The New Straits Times in Malaysia carries a funny editorial that makes for a perfect Slow News Friday article. Nanotechnology is now being used for facial and hair care. But Shannon Teoh will have none of it. Because, he rails, beauty is being sacrificed for health in the process.
Joint Technology Initiatives (public-private partnerships, involving industry, the research community and public authorities) are proposed as a means to implement the Strategic Research Agendas of a limited number of European Technology Platforms.
Researchers from the Institute for Nuclear Research and the Baikov Institute of Metallurgy and Material Science, both in Moscow, Russia, are proposing that that nanocomposites of phonon resonant cavities (NPRC) will possess an interesting electrodynamic properties.
The design of the human body is an excellent example of bioengineering, and this means engineers and chemists are able to apply their technical knowledge to the body. Suwan Jayasinghe, at University College London, is collaborating with other experts to apply the principles of ink-jet technology to create a viable method of 'printing' living cells.
Washington University in St. Louis is partnering with Chrysler LLC and a major Midwest utility company in a project to determine if paint solid residues from automobile manufacturing can reduce emissions of mercury from electric power plants.
In a development that brings superdense memory devices and molecule-sized machines a step closer to reality, scientists at Japan's Institute of Physical and Chemical Research (RIKEN) have succeeded in creating 1-nanometer-thick electric wires with a layer of insulation.
UCLA professor and CNSI Member, Dr. Robin Garrell, has been selected by an independent panel of scientists to receive an international award and special recognition for her pioneering research work in nanotechnology.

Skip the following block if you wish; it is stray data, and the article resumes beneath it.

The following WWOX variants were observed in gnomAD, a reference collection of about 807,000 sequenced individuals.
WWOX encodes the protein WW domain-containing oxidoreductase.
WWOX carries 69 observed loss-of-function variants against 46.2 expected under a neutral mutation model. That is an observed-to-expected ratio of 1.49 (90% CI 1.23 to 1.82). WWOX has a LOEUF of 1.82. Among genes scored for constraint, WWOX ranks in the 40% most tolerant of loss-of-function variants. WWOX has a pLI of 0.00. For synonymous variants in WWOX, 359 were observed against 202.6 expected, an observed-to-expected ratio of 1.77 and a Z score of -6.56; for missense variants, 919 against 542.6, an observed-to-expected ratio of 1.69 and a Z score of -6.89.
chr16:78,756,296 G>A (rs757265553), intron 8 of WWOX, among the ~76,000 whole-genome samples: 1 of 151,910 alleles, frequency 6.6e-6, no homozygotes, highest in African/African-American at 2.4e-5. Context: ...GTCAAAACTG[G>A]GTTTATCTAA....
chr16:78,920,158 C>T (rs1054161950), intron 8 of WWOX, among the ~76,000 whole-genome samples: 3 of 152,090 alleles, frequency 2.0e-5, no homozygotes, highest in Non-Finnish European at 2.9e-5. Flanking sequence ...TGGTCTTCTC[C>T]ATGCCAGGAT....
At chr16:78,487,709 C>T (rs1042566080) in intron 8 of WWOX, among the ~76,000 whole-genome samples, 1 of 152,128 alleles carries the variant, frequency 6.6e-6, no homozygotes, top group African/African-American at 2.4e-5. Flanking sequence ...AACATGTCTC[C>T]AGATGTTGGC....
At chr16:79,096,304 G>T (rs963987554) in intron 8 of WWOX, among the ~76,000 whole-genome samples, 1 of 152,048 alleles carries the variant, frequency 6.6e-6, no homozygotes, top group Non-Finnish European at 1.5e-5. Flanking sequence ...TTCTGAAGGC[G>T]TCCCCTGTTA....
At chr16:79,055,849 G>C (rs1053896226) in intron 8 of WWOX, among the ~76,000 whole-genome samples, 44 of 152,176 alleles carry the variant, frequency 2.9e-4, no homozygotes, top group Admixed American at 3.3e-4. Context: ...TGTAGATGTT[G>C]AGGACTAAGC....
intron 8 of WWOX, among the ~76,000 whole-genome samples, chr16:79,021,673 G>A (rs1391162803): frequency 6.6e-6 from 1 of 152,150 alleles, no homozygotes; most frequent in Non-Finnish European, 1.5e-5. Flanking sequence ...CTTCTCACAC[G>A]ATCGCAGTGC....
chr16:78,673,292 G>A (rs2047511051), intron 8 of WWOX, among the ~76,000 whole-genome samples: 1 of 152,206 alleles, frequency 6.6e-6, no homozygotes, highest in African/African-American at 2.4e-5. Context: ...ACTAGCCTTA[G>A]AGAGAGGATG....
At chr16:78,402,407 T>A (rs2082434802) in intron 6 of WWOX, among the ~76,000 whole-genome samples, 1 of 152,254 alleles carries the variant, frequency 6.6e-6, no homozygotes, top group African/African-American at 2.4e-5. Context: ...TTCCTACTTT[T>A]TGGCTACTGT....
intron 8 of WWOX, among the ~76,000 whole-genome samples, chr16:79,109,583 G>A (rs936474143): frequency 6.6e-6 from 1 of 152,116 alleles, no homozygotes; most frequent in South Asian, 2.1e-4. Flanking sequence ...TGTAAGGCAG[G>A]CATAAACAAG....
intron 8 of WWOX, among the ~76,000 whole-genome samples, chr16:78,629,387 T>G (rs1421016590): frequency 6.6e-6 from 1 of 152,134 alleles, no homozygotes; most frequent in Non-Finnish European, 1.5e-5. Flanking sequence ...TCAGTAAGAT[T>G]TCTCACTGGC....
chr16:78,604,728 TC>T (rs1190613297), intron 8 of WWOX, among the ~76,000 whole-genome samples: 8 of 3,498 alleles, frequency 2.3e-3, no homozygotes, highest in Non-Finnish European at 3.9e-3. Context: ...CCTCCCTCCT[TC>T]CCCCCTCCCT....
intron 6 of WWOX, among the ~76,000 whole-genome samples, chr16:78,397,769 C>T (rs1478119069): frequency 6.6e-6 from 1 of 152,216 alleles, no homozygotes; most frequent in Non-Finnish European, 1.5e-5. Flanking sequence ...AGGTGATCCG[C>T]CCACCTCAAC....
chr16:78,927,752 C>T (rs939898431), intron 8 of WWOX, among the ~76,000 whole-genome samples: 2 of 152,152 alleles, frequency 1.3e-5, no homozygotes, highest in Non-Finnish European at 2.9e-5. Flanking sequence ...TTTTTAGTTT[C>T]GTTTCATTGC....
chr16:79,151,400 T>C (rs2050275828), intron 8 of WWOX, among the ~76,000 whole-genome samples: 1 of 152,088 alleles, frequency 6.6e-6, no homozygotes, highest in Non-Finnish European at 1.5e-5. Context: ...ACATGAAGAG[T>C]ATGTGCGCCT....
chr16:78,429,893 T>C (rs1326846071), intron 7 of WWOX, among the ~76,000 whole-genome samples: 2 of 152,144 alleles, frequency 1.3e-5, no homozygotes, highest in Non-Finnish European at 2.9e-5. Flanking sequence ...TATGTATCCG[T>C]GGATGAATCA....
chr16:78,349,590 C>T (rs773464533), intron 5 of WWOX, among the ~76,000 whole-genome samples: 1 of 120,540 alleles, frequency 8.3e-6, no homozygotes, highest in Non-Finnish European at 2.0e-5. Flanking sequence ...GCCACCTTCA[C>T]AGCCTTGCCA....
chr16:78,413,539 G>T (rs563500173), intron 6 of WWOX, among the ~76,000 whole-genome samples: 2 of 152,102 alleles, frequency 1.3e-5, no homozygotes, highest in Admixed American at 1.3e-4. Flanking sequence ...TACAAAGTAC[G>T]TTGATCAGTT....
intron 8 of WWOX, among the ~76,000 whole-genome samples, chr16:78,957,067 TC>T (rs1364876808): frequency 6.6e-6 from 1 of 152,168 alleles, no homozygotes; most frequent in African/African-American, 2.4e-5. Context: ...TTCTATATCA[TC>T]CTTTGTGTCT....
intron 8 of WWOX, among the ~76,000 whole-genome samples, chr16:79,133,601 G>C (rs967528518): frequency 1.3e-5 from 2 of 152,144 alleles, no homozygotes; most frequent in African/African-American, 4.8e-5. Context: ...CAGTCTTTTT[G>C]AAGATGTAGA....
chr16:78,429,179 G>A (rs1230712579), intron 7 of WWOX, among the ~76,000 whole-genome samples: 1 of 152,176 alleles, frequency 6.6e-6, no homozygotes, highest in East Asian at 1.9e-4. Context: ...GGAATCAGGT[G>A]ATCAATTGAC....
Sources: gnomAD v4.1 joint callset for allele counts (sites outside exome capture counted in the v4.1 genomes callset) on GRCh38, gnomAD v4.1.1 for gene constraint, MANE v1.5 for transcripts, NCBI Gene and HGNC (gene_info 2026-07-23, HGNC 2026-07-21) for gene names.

Technology that improves on the output of Eli Whitney's cotton gin, and a system that better preserves organs during transplants, are among the winning ideas of the finalists that Piedmont Triad Entrepreneurial has named in its 2007-2008 Growth Accelerator Program competition.
A recent discovery by a multinational team including a University of Minnesota scientist, professor Michael Sadowsky in the department of soil, water and climate, could lead to more environmentally friendly manufacturing of electronic devices.
Energy now lost as heat during the production of electricity could be harnessed through the use of silicon nanowires synthesized via a technique developed by researchers with the Berkeley Lab and the University of California at Berkeley. The far-ranging potential applications of this technology include DOE's hydrogen fuel cell-powered 'Freedom CAR,' and personal power-jackets that could use heat from the human body to recharge cell-phones and other electronic devices.
Scientists at Arizona State University's Biodesign Institute have developed the world’s first gene detection platform made up entirely from self-assembled DNA nanostructures. The results could have broad implications for gene chip technology and may also revolutionize the way in which gene expression is analyzed in a single cell.
Students participating students in the Future City Competition this year will have to write an essay on the subject 'Keeping Our City Infrastructure Healthy: Using Nanotechnology to Monitor City Structures and Systems.'